We Still Need to Kill the Conference Interview

In my head I’m thinking about some variation of the Eagle’s “Hotel California” here (please kindly ignore that I buggered the number of syllables):

In the conference hotel lobby they are gathered for the feast,

They stab it with blog posts and tweets, but they just can’t kill the beast.

There are a lot of reasons why the conference interview needs to go, and I’m far from the first to write about it. In terms of justice, we’re asking the most financially vulnerable in our profession to shell out big bucks. It’s not just about the candidates, though. One of the most persuasive arguments I’ve read is David Perry’s that the conference interview format is a financially poor decision for colleges and universities. He has some great links in there to read other perspectives on why the conference interview should end.

I’ll be honest that I don’t really have much new to add other than this: a colleague of mine recently received an invitation to interview at the American Historical Association (AHA) next month. The pure joy at receiving an interview invitation quickly receded to dread when my colleague realized the interview was being held at the AHA job center, necessitating conference registration. The colleague holds a non-tenure track teaching position, and thus falls into the “employed” registration category of $220 dollars. My colleague was not planning on registering before (just go do the interview and leave), but now must find the money for this extra expense.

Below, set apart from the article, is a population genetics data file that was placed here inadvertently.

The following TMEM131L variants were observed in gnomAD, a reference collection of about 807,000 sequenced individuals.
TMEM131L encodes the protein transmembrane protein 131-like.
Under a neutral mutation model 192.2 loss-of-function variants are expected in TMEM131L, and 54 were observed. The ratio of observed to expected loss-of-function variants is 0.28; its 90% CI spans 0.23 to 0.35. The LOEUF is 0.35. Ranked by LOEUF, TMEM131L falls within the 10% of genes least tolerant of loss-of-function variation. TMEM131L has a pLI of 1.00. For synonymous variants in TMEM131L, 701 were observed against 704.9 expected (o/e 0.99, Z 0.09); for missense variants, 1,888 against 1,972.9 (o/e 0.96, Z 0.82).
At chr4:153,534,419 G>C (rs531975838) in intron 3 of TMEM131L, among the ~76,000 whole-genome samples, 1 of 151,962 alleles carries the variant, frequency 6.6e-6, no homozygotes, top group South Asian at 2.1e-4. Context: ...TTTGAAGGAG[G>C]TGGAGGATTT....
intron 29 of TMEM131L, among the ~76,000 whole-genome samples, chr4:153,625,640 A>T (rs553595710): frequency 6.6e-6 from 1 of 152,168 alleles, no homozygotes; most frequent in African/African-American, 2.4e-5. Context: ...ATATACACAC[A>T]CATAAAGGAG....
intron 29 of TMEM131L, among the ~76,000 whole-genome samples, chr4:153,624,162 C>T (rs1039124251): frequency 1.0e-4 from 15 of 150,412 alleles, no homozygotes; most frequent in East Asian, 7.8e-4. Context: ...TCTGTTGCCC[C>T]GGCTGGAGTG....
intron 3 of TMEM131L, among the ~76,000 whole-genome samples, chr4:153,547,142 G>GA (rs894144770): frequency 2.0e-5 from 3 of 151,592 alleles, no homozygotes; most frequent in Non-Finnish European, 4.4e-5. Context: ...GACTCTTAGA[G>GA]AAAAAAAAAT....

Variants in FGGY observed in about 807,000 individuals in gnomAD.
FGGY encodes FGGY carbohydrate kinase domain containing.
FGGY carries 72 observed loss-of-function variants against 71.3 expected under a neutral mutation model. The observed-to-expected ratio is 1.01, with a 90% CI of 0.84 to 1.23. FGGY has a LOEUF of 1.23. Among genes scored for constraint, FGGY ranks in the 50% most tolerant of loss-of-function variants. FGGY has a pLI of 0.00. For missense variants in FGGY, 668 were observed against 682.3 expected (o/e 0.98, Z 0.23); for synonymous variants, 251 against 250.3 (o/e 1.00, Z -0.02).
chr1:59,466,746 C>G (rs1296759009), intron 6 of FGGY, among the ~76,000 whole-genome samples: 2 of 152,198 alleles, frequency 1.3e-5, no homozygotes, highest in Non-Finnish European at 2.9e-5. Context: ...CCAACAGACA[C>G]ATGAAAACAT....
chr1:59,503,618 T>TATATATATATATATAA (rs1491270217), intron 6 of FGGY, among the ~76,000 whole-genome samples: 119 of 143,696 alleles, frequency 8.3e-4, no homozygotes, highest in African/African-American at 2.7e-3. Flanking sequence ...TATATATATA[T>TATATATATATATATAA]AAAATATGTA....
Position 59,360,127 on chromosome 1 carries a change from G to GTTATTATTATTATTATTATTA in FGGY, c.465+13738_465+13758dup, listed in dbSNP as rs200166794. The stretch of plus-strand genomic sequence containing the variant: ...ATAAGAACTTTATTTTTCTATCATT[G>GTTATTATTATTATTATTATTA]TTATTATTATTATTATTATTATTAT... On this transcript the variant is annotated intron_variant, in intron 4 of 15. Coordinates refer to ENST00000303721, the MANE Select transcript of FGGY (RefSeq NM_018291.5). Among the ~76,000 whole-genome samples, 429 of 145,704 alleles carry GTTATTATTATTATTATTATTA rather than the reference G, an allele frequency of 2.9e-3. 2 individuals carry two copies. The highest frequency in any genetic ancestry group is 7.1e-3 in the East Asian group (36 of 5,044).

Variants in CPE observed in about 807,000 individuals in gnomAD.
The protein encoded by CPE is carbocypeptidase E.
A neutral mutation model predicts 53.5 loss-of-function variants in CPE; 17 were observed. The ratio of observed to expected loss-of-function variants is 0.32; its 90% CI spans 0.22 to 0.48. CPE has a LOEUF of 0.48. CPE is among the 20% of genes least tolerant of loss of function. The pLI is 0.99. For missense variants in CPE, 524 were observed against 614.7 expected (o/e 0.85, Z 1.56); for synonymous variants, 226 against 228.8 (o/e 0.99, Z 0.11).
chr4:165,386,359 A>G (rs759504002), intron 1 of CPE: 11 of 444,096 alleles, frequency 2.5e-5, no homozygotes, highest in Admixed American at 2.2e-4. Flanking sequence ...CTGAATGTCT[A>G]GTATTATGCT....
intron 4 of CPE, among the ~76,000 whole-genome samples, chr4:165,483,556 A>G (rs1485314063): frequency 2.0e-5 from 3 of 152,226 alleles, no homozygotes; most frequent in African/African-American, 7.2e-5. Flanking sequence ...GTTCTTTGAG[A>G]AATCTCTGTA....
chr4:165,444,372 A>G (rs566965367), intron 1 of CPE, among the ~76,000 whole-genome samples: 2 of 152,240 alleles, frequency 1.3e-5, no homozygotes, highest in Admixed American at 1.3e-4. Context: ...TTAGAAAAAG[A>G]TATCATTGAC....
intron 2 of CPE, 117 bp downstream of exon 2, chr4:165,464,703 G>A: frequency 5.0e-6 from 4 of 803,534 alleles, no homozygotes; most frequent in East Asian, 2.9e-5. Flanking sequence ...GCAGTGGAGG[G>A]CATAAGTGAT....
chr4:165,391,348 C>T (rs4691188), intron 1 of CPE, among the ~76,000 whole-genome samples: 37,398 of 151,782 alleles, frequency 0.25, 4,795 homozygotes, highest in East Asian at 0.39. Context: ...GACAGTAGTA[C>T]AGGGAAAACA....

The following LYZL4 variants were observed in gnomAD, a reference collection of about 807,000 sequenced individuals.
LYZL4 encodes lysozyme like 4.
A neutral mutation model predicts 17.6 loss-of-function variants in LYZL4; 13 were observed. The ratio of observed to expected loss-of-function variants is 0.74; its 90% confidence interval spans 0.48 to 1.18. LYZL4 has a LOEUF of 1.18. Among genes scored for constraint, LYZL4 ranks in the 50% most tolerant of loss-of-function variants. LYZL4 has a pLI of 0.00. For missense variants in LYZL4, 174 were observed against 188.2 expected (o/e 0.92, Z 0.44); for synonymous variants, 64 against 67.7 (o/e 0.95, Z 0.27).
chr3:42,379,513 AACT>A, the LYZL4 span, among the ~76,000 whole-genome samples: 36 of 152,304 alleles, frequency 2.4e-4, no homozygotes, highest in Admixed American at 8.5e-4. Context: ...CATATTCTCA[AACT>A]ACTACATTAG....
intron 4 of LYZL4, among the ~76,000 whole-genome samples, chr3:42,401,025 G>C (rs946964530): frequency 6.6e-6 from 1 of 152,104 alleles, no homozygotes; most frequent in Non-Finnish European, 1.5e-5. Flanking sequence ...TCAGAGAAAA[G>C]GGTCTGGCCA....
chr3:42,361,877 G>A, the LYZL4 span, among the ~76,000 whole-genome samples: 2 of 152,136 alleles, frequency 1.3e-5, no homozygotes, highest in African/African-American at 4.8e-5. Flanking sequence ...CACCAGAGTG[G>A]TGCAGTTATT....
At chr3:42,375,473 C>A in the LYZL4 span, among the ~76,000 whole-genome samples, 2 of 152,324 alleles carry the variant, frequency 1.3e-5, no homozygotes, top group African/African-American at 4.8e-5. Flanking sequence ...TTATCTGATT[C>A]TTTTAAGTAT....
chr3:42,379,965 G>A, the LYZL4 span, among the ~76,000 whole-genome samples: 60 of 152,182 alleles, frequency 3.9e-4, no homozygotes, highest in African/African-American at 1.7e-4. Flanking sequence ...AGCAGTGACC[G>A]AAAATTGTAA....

I initially wrote a much longer post about the financials of attending a conference, but I deleted most of it to focus on the question of registering for a conference where you have an interview. Some may say that you should register anyway because that’s what you do. But unless you’re really excited about lots of particular panels (which doesn’t always happen at the big conferences), what’s the point? To get into the exhibit hall? To pay extra to go on a field trip or to attend a luncheon?

Perhaps some readers have a dissenting viewpoint, and I’d like to hear it if they do. I’m willing to be swayed. In my current thinking, however, it seems that having the interview at the AHA’s job center instead of a hotel suite is just transferring some of the cost from the interviewing institution to the interviewees. And that stinks.

Conference interviews really don’t have much to do with the attendant conferences, and taking those interviews is expensive enough already. Why would adding an extra cost ever be a good idea?